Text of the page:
In the end, I managed to set up Nextcloud. I am in the process of testing it with my wife, and as soon as it works ok-ish my mother will join the fun. And I realized that I could just assign an address using my domain name to my new static IP... or better yet, use my server to manage the domain name so it can point it to itself... or hey, why not!... yes, I know, I just went off the rails again.

    By reading the replies here, it seems that I may be better off learning a lot about it before even trying, and my priority deploying nextcloud. Still, I don't want to pay 1 buck a month anymore for DNS, especially now that I found out that NameCheap - where I got my domain from - offers it for free. My plan is to just use their service and, per your guys advice, make my own server the primary after I learn the hoops of it. However, as it seem to be a really complex topic, I was hoping to get a big bulky book and just diving into it. I'll look after the suggestions you guys already gave here, but if anyone has anything else to share, please do so!

    • Who will be using this DNS server?
    Right now it is a recursive for me and my wife. I want it to stay doing that on our internal network, plus being an authoritative server for my domain.
    • How are you going to be protecting it?
    I did the whole basic firewall + SELinux thing, but that's something I do intend to learn as well.
    • What other data will be on this server?
    Books, music, videos, my mom's work stuff. The only thing I would rather not lose if my mom's stuff - I have plenty of HDs here to make backups of everything she puts there, and paying for cloud storage is easy for me as I can get it through the company I work for. So she can park everything here and I'll take care of it somewhere else. On the other hand, even though it wouldn't be nice, it wouldn't be the end of the world if someone broke into the server and stole all her data, for example.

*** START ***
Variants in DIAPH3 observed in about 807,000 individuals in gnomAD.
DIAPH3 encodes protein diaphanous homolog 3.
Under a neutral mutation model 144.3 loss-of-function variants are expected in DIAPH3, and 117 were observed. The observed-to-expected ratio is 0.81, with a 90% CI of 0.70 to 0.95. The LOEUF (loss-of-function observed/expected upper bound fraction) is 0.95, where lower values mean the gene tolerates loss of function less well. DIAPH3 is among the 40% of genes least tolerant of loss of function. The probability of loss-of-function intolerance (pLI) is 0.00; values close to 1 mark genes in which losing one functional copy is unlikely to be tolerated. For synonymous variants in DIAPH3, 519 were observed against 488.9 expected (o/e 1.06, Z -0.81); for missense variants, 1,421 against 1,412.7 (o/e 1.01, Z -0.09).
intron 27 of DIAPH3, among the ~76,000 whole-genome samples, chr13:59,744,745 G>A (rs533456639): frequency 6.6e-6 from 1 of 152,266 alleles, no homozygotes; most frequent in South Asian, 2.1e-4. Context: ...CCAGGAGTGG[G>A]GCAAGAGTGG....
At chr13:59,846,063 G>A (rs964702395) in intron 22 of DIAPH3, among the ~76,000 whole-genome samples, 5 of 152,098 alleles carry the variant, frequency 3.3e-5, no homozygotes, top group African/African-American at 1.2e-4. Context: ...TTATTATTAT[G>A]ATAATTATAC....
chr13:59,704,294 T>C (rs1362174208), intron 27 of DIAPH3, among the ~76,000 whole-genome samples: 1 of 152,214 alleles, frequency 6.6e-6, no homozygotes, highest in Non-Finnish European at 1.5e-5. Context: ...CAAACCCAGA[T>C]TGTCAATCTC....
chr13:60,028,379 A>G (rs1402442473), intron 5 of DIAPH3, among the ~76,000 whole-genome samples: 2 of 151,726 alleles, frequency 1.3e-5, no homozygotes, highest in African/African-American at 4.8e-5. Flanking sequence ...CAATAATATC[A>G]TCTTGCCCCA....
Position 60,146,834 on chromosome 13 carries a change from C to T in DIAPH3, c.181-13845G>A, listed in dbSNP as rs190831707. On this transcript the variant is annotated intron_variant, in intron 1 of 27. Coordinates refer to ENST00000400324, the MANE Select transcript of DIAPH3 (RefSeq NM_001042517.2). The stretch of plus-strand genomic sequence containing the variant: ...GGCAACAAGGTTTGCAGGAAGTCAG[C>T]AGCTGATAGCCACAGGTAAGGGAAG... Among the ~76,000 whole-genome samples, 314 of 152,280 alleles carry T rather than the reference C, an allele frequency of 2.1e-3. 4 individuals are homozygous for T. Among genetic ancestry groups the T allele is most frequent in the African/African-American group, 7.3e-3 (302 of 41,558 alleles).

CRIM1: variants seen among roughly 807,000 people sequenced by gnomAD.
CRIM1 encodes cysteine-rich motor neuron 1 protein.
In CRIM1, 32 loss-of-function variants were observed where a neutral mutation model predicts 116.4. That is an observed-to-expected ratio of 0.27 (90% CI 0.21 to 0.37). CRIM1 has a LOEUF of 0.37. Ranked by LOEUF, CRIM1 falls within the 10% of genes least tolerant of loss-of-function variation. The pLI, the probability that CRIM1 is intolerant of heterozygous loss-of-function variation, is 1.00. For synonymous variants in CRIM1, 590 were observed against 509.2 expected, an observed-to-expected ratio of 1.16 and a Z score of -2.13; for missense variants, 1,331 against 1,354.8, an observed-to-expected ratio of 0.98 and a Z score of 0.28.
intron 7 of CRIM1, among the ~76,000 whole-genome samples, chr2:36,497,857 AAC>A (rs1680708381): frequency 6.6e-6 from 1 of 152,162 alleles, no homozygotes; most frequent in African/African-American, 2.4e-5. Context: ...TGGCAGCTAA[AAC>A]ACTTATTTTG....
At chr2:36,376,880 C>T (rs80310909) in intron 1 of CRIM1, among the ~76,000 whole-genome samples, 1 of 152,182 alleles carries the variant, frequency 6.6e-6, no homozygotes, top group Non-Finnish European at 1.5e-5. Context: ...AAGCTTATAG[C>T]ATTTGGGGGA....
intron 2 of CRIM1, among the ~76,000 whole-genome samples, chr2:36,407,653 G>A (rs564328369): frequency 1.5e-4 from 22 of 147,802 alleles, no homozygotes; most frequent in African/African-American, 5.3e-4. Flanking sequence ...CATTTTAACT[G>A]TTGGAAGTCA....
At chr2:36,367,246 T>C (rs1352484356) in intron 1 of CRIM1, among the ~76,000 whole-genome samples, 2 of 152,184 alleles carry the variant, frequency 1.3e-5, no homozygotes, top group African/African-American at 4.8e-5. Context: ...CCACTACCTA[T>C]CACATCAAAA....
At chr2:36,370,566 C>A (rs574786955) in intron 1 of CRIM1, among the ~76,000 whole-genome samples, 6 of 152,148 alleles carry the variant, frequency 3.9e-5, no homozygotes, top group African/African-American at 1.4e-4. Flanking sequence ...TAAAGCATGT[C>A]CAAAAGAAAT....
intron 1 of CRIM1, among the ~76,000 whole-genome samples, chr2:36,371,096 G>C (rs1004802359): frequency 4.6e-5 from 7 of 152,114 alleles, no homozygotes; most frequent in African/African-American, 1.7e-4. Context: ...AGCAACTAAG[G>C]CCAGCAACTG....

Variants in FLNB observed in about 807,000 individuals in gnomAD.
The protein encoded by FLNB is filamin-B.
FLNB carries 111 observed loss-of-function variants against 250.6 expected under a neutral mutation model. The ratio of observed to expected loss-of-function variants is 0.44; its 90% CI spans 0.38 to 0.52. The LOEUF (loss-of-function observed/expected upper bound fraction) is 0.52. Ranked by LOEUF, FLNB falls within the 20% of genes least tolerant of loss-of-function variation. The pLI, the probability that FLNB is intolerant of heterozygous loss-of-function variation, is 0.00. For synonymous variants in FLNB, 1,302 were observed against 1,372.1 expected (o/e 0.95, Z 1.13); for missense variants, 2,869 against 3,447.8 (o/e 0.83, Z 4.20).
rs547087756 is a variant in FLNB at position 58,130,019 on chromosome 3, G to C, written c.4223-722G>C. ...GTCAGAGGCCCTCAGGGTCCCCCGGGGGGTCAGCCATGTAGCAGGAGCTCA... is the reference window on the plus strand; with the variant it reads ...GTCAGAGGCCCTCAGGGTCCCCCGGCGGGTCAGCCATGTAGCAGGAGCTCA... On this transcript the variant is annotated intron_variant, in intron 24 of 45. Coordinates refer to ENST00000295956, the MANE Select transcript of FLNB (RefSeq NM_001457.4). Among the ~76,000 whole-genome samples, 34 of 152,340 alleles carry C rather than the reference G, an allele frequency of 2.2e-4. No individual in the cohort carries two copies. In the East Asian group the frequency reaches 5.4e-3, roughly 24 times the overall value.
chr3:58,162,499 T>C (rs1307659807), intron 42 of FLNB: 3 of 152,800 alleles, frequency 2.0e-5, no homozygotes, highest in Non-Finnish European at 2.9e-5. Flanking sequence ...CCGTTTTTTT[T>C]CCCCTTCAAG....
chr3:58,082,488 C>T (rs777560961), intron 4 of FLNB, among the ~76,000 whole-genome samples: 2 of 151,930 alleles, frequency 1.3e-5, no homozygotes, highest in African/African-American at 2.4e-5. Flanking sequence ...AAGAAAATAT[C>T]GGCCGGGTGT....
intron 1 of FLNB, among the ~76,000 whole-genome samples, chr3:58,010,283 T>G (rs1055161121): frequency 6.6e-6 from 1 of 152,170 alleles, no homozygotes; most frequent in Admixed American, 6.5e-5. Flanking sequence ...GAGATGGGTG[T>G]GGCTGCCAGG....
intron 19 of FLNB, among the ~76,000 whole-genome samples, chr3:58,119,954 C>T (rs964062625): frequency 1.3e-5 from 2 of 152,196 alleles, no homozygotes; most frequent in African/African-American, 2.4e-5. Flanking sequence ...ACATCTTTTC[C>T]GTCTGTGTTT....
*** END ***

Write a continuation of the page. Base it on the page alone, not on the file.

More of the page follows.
That's all to say that it's not that much of a deal if the server blows up or something, as making sure everything is properly backed up is one of the things that I want to learn and will strive to do. And that is a hell of a lot more than my mother have right now, same for my wife, whose notebook's HD died without warning at all a few months ago.
    • Do you have customers that rely on this server?
    It's basically family. I want to work hard and make sure it's as professional as possible, because I do want to learn this to use in the workplace, but this is a lab-ish setting so to say. I would say it's the perfect lab setting: things can go wrong, but it's nice if they don't, so much that I will not slack on making sure they do work well.
    • Will this just be strictly a public facing domain, or are you looking to setup an internal domain that is also publicly resolvable?
    Now that's where I am a rookie. But let me see:

    I have one public IP, which is the screamer. I may use various names to get there (VirtualHost or whatever it's called), but right now it just have one A record for it. After that noisy guardian, what I have inside my house are a few android cellphones, my notebook, my wife's notebook, my netbook, a few hundred thousand old machines for random projects (not really, but yes, a few), a Brother printer/scanner, and that's it. I don't see any use for anything fancy past the server, at least for now. So I guess I don't need an internal domain that's also publicly resolvable. Or not. =D

    I love you guys!

    You should. We all should. Life is short and old hardware is plenty, first world internet rocks: indulge, my friend!

    That's exactly it. As I said, it behaves like 8.8.8.8 for my internal network right now, and if it keeps doing so that would be great. But that's it for being a 8.8.8.8.
     
    Last edited: Jul 13, 2018 at 10:50 PM
  11. Brian_B

    Brian_B [H]ard|Gawd

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    bind is the way to go. I used to do a good deal of it a while back, and still do for one of our domains. It isn't terribly complicated to start, just takes some perseverance, trial and error, and googling.
     
  12. Mega6

    Mega6 Gawd